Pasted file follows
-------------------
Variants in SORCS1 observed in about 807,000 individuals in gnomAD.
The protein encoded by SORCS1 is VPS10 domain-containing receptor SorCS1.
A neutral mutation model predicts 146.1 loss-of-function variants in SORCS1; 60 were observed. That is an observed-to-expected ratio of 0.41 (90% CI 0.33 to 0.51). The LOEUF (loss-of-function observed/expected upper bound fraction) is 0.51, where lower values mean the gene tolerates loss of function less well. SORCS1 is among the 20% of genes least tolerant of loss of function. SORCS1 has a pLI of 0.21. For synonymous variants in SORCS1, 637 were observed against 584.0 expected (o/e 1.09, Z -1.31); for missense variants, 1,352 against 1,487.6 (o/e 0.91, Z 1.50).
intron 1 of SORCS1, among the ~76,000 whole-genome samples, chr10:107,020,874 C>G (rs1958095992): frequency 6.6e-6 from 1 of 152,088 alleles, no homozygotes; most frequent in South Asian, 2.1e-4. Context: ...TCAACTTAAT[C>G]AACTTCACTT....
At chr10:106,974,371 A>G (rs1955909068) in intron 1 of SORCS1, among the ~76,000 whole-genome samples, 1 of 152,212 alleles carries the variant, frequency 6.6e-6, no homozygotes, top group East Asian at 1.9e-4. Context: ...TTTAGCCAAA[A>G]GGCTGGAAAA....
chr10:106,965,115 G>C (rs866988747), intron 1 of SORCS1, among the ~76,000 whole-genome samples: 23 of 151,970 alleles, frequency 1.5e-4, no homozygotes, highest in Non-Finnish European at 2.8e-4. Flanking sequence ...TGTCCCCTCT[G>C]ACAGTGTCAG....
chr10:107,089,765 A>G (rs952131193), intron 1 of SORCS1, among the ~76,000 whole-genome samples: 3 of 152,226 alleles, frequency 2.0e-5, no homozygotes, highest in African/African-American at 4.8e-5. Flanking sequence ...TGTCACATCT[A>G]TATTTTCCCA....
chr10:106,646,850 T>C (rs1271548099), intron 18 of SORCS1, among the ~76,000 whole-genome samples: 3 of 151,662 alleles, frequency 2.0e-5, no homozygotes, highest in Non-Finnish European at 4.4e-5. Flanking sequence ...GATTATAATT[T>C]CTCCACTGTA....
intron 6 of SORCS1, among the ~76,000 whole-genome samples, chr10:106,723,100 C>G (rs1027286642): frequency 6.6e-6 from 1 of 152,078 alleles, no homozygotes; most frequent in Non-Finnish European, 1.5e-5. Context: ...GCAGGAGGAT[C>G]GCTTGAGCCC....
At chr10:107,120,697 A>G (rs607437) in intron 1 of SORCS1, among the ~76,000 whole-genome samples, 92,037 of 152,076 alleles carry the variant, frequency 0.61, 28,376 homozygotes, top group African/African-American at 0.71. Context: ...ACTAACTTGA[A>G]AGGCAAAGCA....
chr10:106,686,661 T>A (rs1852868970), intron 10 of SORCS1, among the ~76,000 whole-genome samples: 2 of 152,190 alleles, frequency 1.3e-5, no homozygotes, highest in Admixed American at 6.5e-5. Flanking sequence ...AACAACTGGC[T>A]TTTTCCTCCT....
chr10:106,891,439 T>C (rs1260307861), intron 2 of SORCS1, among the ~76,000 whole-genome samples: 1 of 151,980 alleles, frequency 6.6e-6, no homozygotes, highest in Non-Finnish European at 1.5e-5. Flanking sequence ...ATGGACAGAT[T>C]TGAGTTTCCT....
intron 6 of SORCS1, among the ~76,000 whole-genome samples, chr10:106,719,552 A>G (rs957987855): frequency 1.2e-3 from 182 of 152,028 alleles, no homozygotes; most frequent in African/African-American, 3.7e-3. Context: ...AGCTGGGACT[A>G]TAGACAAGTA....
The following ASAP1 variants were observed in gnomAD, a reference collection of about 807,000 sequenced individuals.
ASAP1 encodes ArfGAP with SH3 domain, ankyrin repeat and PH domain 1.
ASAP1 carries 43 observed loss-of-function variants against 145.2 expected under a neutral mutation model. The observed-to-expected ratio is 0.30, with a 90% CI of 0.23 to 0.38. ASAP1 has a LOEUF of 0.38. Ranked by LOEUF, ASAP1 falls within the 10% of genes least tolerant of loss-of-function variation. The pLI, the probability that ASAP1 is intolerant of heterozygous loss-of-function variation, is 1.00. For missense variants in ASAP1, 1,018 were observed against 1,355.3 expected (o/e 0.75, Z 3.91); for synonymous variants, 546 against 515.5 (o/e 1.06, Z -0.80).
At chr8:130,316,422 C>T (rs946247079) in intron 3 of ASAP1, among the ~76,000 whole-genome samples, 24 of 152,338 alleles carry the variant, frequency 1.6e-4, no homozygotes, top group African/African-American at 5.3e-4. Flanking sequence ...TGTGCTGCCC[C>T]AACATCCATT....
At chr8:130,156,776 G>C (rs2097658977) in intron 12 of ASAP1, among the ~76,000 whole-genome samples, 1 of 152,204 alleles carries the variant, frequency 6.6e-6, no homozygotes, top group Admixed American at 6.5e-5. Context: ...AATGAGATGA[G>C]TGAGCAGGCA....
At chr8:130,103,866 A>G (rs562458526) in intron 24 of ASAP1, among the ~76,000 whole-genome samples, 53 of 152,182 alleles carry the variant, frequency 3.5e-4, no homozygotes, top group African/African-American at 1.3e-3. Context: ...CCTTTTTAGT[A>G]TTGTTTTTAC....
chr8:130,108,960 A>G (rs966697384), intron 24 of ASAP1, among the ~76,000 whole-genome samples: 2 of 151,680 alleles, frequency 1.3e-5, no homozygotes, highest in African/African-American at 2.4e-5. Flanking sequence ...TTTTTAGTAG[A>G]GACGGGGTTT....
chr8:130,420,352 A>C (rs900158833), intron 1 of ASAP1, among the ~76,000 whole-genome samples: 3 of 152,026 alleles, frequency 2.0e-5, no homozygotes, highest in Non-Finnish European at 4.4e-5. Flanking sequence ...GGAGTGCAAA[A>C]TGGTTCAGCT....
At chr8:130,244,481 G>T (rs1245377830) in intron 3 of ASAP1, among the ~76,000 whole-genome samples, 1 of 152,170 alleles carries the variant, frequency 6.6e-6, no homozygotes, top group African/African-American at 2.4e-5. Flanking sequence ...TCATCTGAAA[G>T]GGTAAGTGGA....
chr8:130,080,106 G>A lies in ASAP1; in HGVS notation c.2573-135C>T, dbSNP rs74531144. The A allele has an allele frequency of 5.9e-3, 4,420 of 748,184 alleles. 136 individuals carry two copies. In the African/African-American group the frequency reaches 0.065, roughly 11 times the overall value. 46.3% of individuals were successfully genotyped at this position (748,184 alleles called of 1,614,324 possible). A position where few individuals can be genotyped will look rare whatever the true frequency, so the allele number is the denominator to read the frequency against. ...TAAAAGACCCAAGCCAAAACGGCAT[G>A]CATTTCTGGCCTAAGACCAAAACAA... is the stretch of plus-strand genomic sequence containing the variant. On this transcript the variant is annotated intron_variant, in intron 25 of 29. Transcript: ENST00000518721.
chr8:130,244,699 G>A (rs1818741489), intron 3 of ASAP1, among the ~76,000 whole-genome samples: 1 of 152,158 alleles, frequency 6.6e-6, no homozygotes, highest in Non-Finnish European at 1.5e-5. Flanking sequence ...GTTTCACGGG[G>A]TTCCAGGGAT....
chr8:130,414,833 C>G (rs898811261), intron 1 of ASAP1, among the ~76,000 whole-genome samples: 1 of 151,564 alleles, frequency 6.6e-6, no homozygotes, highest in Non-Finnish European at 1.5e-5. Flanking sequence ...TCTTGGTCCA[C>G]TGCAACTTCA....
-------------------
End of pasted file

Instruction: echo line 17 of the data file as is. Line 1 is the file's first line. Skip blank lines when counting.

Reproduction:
At chr8:130,316,422 C>T (rs946247079) in intron 3 of ASAP1, among the ~76,000 whole-genome samples, 24 of 152,338 alleles carry the variant, frequency 1.6e-4, no homozygotes, top group African/African-American at 5.3e-4. Flanking sequence ...TGTGCTGCCC[C>T]AACATCCATT....